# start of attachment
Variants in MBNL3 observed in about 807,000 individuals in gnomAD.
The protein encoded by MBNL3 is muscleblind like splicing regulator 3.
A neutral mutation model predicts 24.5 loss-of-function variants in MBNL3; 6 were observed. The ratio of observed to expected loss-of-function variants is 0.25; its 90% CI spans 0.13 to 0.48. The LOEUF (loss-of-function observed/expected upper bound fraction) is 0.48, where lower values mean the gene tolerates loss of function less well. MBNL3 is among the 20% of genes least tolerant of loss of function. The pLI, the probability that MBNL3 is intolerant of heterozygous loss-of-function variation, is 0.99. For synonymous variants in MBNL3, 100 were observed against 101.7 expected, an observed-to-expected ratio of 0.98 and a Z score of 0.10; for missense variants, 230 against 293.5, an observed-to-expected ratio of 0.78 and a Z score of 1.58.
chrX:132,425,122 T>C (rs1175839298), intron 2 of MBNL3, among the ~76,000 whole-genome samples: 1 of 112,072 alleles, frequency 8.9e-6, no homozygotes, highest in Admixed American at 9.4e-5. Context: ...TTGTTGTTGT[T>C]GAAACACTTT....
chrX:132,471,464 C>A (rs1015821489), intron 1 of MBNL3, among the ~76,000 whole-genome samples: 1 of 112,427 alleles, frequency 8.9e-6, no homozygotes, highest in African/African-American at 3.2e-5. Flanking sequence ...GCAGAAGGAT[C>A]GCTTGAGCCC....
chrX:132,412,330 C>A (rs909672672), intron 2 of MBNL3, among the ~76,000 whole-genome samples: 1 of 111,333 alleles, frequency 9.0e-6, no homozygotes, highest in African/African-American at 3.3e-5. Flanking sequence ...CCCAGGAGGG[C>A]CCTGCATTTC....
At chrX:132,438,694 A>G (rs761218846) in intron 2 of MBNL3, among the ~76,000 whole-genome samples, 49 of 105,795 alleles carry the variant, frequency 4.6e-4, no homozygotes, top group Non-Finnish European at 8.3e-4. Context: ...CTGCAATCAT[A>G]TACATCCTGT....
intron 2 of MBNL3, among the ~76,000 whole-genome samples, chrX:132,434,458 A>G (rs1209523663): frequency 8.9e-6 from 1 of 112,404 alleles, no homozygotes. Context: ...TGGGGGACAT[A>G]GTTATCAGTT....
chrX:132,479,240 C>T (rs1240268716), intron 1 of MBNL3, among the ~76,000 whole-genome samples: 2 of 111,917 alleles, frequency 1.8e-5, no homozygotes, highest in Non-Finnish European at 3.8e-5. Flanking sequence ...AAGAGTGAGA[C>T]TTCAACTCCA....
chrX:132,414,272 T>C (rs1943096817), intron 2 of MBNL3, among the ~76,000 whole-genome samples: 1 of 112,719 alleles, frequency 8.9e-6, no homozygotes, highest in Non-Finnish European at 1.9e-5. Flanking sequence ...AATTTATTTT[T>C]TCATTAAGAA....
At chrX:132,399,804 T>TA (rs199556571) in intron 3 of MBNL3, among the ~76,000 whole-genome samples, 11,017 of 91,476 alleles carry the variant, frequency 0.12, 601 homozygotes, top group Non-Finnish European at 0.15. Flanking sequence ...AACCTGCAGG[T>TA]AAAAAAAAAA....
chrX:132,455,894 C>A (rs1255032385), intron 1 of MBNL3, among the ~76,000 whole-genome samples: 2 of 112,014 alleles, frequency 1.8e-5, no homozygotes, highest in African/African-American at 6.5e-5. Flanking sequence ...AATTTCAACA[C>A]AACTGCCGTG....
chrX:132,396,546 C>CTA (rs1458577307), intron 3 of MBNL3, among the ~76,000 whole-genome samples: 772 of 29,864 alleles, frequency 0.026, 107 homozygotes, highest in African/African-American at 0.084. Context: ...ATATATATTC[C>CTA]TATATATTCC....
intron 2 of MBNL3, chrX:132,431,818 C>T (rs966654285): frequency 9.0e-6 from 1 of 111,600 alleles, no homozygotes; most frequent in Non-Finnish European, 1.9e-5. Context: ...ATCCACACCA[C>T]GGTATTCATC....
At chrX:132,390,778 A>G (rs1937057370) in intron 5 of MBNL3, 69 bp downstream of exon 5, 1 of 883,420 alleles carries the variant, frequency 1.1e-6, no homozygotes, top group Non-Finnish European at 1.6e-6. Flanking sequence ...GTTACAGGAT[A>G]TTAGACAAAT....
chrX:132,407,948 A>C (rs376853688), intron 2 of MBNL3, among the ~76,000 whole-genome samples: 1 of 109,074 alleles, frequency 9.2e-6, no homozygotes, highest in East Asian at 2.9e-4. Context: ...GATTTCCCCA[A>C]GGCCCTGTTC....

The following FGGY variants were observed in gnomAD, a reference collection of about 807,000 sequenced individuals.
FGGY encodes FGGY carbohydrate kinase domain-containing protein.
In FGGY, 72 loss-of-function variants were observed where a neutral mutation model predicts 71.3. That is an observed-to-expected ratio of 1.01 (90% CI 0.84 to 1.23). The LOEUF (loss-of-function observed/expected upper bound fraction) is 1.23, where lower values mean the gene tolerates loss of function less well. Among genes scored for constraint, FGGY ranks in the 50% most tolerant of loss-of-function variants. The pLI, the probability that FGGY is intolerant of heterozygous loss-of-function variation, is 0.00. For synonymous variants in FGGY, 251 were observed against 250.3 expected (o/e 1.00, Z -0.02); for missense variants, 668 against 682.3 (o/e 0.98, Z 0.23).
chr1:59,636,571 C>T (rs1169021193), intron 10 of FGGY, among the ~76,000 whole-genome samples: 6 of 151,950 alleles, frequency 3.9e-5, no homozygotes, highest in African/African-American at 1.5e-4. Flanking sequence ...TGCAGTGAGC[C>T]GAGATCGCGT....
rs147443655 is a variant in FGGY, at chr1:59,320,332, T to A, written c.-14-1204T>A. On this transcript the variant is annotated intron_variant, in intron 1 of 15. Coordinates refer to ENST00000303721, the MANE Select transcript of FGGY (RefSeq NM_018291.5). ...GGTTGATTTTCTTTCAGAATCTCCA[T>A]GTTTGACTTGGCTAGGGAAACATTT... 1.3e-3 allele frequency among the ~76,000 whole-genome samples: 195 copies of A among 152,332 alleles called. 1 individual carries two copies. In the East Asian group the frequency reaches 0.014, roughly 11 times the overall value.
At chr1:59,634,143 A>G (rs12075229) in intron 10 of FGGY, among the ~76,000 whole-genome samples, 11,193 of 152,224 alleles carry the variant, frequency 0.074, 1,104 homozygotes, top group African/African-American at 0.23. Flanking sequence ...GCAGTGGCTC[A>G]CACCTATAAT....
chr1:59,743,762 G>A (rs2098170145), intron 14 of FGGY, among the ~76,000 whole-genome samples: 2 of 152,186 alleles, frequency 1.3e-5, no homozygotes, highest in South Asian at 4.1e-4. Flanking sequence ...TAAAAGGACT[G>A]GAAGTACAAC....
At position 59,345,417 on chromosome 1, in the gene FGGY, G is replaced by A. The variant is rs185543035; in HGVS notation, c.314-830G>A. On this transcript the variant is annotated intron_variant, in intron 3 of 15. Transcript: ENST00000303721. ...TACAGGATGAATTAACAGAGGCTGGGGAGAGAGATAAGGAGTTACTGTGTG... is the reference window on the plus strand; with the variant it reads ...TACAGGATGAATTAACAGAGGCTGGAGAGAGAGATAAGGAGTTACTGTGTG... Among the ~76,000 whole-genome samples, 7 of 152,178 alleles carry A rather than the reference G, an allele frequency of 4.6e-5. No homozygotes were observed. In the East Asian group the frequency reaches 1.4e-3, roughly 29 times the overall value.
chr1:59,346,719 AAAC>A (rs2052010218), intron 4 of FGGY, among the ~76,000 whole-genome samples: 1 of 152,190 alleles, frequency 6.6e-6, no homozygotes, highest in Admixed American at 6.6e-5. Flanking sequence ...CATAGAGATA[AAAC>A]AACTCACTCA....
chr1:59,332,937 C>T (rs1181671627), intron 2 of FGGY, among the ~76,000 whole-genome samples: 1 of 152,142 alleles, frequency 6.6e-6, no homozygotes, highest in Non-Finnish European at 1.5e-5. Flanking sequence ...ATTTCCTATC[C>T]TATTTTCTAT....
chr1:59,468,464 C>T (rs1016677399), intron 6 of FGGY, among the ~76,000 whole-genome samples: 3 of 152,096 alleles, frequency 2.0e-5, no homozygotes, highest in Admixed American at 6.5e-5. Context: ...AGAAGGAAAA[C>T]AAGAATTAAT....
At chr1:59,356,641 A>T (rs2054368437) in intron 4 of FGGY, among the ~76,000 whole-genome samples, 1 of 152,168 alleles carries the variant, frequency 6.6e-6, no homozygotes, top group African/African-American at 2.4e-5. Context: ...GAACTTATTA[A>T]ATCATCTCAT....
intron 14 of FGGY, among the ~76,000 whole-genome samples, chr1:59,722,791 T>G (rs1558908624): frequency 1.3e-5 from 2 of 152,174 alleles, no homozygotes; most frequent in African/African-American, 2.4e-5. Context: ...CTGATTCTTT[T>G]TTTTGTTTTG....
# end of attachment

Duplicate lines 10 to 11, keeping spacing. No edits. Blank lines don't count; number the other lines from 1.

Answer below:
chrX:132,414,272 T>C (rs1943096817), intron 2 of MBNL3, among the ~76,000 whole-genome samples: 1 of 112,719 alleles, frequency 8.9e-6, no homozygotes, highest in Non-Finnish European at 1.9e-5. Flanking sequence ...AATTTATTTT[T>C]TCATTAAGAA....
At chrX:132,399,804 T>TA (rs199556571) in intron 3 of MBNL3, among the ~76,000 whole-genome samples, 11,017 of 91,476 alleles carry the variant, frequency 0.12, 601 homozygotes, top group Non-Finnish European at 0.15. Flanking sequence ...AACCTGCAGG[T>TA]AAAAAAAAAA....